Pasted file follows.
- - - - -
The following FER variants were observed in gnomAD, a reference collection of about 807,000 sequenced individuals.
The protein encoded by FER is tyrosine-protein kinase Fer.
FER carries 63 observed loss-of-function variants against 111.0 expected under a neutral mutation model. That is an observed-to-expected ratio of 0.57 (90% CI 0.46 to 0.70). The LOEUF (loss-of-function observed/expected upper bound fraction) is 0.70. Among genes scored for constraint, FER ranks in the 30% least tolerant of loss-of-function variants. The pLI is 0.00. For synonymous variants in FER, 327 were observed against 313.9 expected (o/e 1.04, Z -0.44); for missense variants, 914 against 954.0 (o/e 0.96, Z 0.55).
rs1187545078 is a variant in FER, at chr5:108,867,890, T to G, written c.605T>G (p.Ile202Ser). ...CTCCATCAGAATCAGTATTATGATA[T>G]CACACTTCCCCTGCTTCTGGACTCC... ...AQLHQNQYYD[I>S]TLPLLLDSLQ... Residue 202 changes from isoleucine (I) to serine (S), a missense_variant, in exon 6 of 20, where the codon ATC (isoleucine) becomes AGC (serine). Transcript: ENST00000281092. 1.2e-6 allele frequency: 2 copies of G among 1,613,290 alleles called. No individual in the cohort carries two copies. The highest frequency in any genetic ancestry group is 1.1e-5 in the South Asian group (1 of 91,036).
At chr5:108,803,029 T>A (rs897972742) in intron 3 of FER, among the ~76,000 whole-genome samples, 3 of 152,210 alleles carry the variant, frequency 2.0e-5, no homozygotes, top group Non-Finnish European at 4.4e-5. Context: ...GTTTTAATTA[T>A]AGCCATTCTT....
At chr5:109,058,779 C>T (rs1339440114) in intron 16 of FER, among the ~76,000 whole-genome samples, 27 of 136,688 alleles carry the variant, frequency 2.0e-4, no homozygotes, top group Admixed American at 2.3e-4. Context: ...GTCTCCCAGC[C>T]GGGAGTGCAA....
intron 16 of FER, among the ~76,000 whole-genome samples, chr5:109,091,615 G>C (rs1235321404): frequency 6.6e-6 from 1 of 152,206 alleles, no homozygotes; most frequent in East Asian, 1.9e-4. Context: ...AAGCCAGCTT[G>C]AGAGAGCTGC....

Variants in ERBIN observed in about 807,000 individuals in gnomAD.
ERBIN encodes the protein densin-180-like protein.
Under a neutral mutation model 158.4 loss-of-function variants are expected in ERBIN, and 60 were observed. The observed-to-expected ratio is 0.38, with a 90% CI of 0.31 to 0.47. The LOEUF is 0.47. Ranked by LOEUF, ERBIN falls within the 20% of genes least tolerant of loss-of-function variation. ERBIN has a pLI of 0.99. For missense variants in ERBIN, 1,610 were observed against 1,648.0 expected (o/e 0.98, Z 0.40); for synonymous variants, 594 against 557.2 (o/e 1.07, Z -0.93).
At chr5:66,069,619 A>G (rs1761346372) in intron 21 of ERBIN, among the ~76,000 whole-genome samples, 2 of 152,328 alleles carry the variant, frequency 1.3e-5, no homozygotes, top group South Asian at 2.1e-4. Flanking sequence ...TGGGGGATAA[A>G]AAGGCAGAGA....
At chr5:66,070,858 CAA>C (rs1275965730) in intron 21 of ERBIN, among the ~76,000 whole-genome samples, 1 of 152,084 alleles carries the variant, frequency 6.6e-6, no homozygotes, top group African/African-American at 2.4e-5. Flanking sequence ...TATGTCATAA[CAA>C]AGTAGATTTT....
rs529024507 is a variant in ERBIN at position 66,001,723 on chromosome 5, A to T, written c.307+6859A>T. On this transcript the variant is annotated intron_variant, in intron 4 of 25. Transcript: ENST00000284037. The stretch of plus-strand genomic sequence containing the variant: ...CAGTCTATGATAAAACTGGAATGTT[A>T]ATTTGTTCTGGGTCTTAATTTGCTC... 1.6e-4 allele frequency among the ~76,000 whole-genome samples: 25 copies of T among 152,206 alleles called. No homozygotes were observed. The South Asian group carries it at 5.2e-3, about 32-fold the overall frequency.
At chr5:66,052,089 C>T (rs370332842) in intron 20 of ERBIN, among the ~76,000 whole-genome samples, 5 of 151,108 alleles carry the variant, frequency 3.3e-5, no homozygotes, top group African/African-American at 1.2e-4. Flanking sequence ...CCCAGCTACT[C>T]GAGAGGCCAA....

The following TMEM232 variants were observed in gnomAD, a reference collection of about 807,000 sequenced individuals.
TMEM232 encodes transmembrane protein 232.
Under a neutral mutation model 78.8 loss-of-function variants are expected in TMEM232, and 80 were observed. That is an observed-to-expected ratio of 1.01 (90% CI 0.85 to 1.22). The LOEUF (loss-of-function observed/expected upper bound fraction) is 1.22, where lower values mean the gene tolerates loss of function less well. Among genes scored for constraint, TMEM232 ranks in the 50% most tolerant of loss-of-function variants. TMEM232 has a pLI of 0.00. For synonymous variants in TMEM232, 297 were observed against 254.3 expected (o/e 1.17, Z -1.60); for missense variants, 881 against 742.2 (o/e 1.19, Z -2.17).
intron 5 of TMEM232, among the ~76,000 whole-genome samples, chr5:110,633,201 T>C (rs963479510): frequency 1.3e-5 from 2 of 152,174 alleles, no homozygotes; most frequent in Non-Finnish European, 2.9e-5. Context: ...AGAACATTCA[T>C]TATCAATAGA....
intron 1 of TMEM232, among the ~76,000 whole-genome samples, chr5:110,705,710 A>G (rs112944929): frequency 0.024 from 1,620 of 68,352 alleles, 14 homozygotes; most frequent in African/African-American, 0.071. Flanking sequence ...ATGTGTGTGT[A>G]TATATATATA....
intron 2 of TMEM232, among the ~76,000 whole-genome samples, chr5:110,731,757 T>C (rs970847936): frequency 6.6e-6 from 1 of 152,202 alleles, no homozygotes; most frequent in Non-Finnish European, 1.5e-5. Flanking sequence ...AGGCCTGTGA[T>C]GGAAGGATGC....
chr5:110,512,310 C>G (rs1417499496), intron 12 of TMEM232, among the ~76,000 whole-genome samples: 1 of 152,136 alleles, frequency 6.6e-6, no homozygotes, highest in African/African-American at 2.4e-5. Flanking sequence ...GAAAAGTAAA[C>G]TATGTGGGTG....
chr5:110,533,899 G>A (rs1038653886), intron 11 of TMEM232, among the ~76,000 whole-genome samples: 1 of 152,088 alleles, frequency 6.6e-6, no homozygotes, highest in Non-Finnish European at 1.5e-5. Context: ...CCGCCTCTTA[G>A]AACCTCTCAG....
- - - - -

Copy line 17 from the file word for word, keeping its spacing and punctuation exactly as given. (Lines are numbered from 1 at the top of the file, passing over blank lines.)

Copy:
Under a neutral mutation model 78.8 loss-of-function variants are expected in TMEM232, and 80 were observed. That is an observed-to-expected ratio of 1.01 (90% CI 0.85 to 1.22). The LOEUF (loss-of-function observed/expected upper bound fraction) is 1.22, where lower values mean the gene tolerates loss of function less well. Among genes scored for constraint, TMEM232 ranks in the 50% most tolerant of loss-of-function variants. TMEM232 has a pLI of 0.00. For synonymous variants in TMEM232, 297 were observed against 254.3 expected (o/e 1.17, Z -1.60); for missense variants, 881 against 742.2 (o/e 1.19, Z -2.17).